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Police say there are “reasonable grounds” for corporate manslaughter charges over the Grenfell Tower blaze that left at least 80 dead.
Both Kensington and Chelsea Council and the Kensington and Chelsea Tenant Management Organisation (TMO) have been told they may have committed manslughter.
The news has emerged after a letter was sent by the Metropolitan Police to Grenfell survivors and families of those who died.
The letter said that a “huge amount of material” had been seized and a “large number of witness statements” taken.
It added: “After an initial assessment of that information, the officer leading the investigation has today notified Royal Borough of Kensington and Chelsea and the Kensington and Chelsea Tenant Management Organisation that there are reasonable grounds to suspect that each organisation may have committed the offence of corporate manslaughter.”
Both organisations will now be questioned under the 2007 Corporate Manslaughter and Corporate Homicide Act.
A Met Police spokesman told the Standard: “This is a complex and far reaching investigation that by its very nature will take a considerable time to complete.
“The Met has made a commitment to the families who lost loved ones in the fire and survivors that they will be kept updated, as far as we possibly can, as the investigation continues.
“As is routine, we will not give a running commentary on this investigation.”
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Kensington and Chelsea Council leader Nicholas Paget-Brown and his deputy Rock Feilding-Mellen resigned amid fierce criticism of the council’s response to the disaster.
Robert Black, chief executive of Kensington and Chelsea Tenant Management Organisation, which manages Grenfell Tower, also stepped down so he could “concentrate on assisting with the investigation and inquiry”.
Responding to the letter to residents, newly elected council leader Elizabeth Campbell said: “Our residents deserve answers about the Grenfell Tower fire and the police investigation will provide these.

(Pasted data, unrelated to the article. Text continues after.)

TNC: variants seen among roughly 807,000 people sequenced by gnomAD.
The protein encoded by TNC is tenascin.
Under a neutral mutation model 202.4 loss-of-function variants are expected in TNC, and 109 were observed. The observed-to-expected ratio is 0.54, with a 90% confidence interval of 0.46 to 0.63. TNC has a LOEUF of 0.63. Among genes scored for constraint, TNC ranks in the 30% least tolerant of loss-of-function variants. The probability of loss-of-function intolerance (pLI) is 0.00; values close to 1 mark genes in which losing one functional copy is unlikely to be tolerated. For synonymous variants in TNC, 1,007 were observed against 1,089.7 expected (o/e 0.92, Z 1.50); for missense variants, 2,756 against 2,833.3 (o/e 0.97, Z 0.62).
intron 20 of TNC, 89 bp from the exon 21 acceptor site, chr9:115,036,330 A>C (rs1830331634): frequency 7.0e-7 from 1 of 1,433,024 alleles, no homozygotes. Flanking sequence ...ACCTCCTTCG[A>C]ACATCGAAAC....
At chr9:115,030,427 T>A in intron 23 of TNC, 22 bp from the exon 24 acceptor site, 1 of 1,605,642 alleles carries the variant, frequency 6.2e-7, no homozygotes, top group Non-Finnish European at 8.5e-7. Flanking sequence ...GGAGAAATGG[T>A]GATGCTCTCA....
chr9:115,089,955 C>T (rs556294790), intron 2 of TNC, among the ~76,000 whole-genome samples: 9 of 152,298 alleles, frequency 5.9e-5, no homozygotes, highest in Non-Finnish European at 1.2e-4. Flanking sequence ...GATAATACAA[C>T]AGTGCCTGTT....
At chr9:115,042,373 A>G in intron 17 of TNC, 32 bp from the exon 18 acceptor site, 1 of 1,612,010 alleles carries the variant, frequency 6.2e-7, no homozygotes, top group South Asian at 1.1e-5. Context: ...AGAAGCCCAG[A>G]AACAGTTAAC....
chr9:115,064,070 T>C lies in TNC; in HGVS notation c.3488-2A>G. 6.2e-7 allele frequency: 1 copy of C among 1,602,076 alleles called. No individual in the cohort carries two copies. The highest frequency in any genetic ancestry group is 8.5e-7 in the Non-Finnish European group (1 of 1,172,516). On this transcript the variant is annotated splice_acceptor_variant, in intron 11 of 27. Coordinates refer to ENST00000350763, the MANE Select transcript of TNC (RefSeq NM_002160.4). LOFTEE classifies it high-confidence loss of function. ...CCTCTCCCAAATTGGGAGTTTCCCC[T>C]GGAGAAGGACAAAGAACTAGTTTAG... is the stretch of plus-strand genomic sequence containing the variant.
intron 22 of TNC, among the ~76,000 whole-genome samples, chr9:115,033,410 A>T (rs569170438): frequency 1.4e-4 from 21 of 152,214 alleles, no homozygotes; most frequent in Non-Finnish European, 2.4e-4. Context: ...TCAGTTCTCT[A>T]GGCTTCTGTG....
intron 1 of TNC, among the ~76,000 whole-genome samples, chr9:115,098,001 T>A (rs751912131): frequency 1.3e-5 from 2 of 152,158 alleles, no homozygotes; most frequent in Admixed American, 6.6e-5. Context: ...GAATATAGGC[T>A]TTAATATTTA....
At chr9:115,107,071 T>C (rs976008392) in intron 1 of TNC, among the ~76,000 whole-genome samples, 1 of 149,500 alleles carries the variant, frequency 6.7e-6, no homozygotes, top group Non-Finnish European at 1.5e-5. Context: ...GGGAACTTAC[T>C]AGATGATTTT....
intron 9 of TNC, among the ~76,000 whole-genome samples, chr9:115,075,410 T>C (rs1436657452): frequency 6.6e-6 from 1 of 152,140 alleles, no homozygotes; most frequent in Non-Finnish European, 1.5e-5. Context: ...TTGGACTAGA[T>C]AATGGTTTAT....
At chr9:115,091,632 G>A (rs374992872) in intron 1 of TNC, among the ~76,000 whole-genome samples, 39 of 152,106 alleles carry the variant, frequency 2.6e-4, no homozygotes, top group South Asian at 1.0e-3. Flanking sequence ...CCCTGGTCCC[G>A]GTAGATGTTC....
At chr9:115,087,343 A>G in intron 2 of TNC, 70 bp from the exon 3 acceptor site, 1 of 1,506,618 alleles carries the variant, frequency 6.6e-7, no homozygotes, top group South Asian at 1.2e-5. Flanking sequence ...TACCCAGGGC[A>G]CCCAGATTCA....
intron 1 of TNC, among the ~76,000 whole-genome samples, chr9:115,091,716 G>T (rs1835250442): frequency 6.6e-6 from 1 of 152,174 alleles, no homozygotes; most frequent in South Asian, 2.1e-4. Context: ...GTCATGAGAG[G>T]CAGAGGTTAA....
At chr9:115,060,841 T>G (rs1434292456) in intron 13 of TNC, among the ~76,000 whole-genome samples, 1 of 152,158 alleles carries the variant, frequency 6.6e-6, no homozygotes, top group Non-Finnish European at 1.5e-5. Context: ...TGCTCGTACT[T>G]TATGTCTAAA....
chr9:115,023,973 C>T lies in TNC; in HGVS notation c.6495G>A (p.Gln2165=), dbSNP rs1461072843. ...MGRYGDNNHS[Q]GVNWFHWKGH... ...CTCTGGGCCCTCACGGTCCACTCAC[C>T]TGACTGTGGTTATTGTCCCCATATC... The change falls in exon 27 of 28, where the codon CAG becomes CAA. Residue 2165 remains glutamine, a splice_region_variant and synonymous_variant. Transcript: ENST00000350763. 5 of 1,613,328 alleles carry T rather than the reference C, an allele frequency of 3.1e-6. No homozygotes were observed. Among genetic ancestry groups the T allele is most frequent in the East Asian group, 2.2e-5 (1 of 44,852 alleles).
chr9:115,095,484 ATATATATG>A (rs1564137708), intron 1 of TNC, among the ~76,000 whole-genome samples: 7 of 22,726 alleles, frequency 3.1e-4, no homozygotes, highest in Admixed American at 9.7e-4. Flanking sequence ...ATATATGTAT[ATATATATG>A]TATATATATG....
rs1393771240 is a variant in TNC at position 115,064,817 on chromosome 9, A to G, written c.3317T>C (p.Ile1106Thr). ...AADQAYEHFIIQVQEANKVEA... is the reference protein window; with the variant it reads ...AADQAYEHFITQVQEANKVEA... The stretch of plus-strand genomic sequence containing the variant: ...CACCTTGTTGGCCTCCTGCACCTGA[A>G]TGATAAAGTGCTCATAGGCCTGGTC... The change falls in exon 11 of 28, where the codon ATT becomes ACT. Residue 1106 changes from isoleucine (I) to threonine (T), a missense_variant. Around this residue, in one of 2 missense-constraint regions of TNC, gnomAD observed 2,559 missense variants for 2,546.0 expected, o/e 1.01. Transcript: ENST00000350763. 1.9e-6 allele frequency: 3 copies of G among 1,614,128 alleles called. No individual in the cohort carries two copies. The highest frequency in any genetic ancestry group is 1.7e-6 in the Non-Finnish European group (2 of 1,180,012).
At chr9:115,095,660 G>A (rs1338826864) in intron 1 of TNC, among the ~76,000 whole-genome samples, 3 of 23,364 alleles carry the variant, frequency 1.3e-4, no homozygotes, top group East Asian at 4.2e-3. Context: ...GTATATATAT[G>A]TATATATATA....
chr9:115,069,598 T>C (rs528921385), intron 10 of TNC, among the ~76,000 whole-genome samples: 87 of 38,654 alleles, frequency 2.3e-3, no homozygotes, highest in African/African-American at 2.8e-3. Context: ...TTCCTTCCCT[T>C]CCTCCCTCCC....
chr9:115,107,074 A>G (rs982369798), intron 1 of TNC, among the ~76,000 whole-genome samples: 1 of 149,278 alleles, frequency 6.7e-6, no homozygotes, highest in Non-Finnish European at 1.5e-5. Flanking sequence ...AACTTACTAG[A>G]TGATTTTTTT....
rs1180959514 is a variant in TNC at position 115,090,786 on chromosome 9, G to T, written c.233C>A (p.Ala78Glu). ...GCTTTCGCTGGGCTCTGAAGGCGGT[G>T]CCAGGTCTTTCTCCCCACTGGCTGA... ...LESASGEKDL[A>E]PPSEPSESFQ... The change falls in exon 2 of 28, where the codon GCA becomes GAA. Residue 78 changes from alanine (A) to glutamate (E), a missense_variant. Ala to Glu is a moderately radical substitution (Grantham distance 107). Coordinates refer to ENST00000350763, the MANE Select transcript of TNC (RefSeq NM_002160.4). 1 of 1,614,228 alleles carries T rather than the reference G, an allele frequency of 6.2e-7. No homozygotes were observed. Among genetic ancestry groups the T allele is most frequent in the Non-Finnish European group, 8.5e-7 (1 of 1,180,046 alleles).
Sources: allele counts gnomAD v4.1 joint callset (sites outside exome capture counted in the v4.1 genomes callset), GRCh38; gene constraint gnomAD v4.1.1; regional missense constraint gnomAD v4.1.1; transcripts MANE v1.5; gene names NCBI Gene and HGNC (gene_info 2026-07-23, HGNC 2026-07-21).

“We fully support the Metropolitan Police investigation and we will co-operate in every way we can.
“It would not be appropriate to comment further on matters subject to the police investigation.”
Yvette Williams, a co-ordinator at the Justice 4 Grenfell campaign group, said the development would help restore trust between the police and the west London community.
Suspicion in the authorities has brewed following the fire, with many residents wary about the speed of their investigation.
Ms Williams said: “I do think now police have made that statement that trust in the investigation process will grow.
“We welcome that there is enough information and evidence to go down the corporate prosecution route for the TMO and RBKC.
“However, what we would like to see running alongside that is individuals being prosecuted.
“We want is individuals named and prosecuted – you can have both, but we don’t want corporate manslaughter on its own.
“People implement policy, people make decisions, people took particular actions and those people are responsible.
“You can’t put corporate organisations in the dock, you put individuals.”
Organisations and companies face huge fines if they are found guilty of corporate manslaughter, according to Crown Prosecution Service guidelines.
At least 80 people were killed when the blaze ripped through the 24-storey block of flats in west London on June 14.
The news comes after family and friends of five of those killed in the fire, including two child victims, gathered to remember their loved ones on Thursday.
The Archbishop of York, Dr John Sentamu, joined a congregation in north Kensington, a little more than half a mile from the scene of the disaster six weeks ago.
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